A Belief System Designed to Shame and Isolate

My sister once exclaimed to me regarding our parents, “you take so much from people who have so little!”  Why was I accused of “taking?”  Because at 18-19 years old I was, against my own choice, living at home while attending college full-time.  Because she was jealous and bitter about the fact that at the same time in her life she was living with our grandmother and ‘paying her own way.’  That of course had nothing to do with me and wasn’t my problem.  But the reality is, that statement should have been said to our parents, if not to herself.  They took so much from me, when I had so little, they took my virginity, my self-esteem, my sanity, confidence, and indeed, my ability to be independent when I was a young child with no defenses.  They should have gone to jail, I certainly did not ‘take’ from them some joy and freedom they were deserving of.

That there could be some shame in my living at home when I was paying full tuition costs myself through loans (or even if I wasn’t!) is preposterous, and if my parents were upset about it, they could certainly have come to me themselves instead of sending this bitter marionette in their place.  The moral hatred she threw at me while keeping a jealous  vigil over my life looking for any treatment I might receive that would allegedly be ‘better’ then what she had was truly pathetic.  But my sister also considered herself entitled to be an equal parent of mine when it came to making decisions, despite the fact that she took no responsibility for my care herself, let alone my feelings.  She was cold, indifferent, and uncaring, but just loved exerting control behind the scenes of my life.   I really couldn’t care less if after years of neglect during high school, my mother bought me some nice clothes for college and continued to feed me.  That’s a normal thing for a parent to do, it’s nothing special.  I would do much more and go much further than that if I had a child, and with no guilt-tripping for the fact afterwards.

The idea that I should feel guilty for accepting something willingly offered to me was one of the poisonous messages that my family tried to drill into me over the years.  I particularly remember being on the receiving end of it from both of my siblings.  When we were very little, my brother and I got off the bus into the pouring rain with no coats or umbrellas, but when a friendly neighbor that we knew who was picking up her own kids in her car offered us a ride, he immediately said no.  Our parents didn’t come to get us themselves, but taught that it would be rude to accept such an offer; that we should deny ourselves and common sense in favor of a random and wandering guilt.  That we should isolate, as if the neighbors were the abusive ones.  Similarly, if we were offered sodas by our parents friends, he would immediately turn it down for the both of us.  While he found his own way to rebel against our parents, my brother was extremely conservative when it came to regulating me…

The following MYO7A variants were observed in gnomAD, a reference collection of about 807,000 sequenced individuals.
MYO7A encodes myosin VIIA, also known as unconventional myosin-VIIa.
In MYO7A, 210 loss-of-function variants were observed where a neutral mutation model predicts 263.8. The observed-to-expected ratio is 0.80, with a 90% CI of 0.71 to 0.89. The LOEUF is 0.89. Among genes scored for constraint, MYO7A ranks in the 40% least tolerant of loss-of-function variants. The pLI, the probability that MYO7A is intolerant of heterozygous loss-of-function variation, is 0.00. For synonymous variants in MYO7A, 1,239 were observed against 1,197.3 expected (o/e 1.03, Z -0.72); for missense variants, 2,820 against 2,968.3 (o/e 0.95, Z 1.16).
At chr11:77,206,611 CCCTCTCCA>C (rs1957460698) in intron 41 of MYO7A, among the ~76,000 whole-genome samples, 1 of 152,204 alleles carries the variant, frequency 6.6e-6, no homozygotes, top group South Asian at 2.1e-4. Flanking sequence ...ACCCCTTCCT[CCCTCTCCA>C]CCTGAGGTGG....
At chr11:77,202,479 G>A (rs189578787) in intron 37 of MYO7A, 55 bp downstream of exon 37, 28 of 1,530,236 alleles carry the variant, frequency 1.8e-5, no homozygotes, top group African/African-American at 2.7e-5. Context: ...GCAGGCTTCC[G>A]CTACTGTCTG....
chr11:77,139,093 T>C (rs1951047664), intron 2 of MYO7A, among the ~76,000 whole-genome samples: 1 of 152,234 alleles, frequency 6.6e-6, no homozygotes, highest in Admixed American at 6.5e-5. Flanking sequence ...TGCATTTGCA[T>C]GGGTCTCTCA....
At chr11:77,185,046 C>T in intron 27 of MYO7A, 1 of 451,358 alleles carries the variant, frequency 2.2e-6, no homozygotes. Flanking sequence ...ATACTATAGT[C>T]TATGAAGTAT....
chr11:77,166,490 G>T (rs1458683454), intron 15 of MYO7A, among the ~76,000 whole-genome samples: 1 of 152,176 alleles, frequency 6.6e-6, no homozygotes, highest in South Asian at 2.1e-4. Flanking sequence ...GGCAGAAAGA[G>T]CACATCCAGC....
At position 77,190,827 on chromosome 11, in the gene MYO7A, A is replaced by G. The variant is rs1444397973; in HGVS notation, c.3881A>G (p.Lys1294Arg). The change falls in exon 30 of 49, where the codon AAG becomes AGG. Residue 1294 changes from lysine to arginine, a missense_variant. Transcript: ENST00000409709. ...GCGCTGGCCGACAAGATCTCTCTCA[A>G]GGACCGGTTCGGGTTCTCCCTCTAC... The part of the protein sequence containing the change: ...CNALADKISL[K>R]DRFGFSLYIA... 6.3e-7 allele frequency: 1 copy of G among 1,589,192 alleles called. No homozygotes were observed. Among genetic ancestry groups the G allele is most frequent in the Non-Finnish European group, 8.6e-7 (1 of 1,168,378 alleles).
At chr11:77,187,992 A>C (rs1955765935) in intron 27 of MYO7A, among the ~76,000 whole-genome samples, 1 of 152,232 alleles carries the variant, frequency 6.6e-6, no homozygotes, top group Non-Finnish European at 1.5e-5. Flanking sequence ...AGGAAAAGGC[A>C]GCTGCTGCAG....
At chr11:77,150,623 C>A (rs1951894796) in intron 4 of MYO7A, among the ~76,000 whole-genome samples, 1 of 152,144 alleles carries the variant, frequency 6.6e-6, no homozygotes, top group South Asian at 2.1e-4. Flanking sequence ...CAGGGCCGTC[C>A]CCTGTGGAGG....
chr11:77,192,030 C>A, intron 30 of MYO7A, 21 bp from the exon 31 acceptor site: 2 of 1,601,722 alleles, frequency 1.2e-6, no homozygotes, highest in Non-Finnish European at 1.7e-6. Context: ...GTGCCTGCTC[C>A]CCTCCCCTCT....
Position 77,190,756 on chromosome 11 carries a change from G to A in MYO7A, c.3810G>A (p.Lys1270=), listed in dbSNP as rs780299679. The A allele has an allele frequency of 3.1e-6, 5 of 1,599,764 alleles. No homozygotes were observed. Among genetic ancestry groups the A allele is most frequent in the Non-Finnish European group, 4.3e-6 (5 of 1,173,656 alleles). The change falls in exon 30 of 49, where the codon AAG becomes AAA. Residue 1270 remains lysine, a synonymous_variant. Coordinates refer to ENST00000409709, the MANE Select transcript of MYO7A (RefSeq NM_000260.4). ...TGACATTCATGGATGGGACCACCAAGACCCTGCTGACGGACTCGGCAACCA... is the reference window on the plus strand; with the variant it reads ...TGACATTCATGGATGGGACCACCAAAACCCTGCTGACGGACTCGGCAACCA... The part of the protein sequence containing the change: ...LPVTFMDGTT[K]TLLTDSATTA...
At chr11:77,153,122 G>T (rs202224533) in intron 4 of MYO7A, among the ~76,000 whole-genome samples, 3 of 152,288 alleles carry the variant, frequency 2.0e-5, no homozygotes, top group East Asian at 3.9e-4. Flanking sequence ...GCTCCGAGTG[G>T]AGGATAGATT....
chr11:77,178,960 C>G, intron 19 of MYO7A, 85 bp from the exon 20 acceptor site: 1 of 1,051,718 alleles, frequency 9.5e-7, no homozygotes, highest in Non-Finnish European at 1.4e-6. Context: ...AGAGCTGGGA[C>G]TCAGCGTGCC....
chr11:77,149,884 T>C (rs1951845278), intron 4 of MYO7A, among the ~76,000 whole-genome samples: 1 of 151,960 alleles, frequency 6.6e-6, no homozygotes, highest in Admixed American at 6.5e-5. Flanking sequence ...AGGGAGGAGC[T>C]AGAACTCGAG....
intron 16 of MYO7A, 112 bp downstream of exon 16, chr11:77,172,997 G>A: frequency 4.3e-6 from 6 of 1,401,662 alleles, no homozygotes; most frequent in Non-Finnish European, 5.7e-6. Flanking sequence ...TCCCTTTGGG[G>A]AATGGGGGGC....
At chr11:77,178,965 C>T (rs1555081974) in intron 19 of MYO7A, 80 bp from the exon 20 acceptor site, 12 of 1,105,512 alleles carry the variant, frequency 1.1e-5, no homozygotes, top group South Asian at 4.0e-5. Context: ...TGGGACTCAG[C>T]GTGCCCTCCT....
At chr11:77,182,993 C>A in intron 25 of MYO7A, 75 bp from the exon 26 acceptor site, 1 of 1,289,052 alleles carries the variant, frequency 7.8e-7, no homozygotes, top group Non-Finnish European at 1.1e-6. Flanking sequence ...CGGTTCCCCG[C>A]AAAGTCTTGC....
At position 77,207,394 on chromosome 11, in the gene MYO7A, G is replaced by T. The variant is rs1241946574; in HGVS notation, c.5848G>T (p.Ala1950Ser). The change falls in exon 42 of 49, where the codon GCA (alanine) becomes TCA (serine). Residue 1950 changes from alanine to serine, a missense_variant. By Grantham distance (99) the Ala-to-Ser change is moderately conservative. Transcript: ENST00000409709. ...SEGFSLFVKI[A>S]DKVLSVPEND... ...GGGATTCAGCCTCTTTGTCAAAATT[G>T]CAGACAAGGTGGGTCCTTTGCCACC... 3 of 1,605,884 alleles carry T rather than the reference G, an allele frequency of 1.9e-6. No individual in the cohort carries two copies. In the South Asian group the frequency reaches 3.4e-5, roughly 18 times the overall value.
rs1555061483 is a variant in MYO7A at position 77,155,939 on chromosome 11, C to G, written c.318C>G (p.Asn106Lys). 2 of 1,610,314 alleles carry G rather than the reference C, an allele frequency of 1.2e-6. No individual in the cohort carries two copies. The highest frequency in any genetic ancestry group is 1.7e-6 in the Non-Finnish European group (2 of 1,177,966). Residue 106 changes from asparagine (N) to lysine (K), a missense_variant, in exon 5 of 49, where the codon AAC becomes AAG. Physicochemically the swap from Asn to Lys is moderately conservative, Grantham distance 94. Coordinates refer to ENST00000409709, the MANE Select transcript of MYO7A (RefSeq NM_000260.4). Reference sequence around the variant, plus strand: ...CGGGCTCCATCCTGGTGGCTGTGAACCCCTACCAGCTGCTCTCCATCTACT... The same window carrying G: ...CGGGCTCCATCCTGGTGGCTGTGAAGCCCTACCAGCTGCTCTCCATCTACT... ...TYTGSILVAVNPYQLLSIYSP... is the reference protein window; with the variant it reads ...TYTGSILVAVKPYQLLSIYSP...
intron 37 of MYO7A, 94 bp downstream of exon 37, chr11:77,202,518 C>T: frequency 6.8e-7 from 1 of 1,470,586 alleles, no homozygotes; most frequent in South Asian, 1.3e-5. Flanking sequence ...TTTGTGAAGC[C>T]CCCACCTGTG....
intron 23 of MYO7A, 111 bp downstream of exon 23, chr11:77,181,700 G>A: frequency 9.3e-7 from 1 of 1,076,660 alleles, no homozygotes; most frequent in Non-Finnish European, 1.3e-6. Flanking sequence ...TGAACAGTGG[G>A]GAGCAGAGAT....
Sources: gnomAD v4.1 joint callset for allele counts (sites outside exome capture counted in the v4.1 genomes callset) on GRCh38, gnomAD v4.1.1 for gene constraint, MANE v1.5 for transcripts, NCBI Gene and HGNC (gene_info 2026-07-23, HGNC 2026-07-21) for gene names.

They told me that I was greedy, selfish for having needs or desires; and they made it difficult for me to accept a gift or (even worse) an offer of one long into my adult life.  I would become nervous, afraid if someone offered and unable to easily accept.  I was afraid of rejection, afraid of being made a fool of, afraid of doing the wrong thing.  Of course, there are genuine people in the world, who will just give someone something because they want to, and not as part of some complex and artificial social game where people are supposed to go back and forth with offers and refusals in a battle of wills.  If this was what my parents had in mind, they were insane and out of touch with modernity and the place where we actually lived.  But the idea that according to my sister I was even supposed to take this tactic when dealing with my own parents is ludicrous, as are my sister’s accusations about my “taking,” given the reality of my childhood.